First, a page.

Men are often shocked, and even ashamed, when they learn they will need to use a donor due to male infertility. They needn’t be.
BY MARGARET J. VEREB, M.D.
As an andrologist, I am the doctor who treats couples with male factor infertility. It is estimated that 50 percent of all fertility issues are male factor, and yet it usually comes as a shock, and may even bring feelings of shame. Men most often need a donor because they can’t make useful sperm or because they can’t afford the technology to use what they have. (One round of in vitro fertilization [IVF] with Intracytoplasmic sperm injection costs roughly $12,000, while one donor insemination is about $1,000.) I wanted to share these families’ stories to let you know that good things can come from this.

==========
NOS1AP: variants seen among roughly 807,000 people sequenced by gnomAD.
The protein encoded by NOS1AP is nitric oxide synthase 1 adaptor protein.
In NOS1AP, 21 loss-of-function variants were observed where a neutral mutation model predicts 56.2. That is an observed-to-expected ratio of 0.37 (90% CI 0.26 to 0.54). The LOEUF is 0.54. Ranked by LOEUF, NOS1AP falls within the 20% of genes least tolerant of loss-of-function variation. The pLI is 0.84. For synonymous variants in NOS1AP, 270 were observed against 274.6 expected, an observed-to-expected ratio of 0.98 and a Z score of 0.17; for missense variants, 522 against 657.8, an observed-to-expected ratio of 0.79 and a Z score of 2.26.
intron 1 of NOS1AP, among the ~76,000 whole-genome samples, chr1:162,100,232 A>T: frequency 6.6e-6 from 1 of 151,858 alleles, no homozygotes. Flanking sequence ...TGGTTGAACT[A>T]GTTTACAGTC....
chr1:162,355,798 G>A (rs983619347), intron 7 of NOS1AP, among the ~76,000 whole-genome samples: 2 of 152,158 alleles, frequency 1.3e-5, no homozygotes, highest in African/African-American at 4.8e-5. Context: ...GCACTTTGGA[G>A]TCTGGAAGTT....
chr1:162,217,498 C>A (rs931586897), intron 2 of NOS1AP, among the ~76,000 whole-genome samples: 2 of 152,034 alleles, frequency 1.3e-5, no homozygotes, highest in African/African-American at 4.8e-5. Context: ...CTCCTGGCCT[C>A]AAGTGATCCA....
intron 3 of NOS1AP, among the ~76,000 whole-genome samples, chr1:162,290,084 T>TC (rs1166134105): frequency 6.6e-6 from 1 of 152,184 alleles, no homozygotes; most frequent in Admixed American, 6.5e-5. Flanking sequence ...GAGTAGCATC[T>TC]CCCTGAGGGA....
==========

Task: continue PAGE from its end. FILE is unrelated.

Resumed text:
“I can love any child who is half my wife”
Stan was sent to me from his primary doctor for low testosterone. At 28 years old he had premature testis failure, the male equivalent of premature ovarian failure, when women begin menopause very young. This is one of the hardest conversations a doctor can have…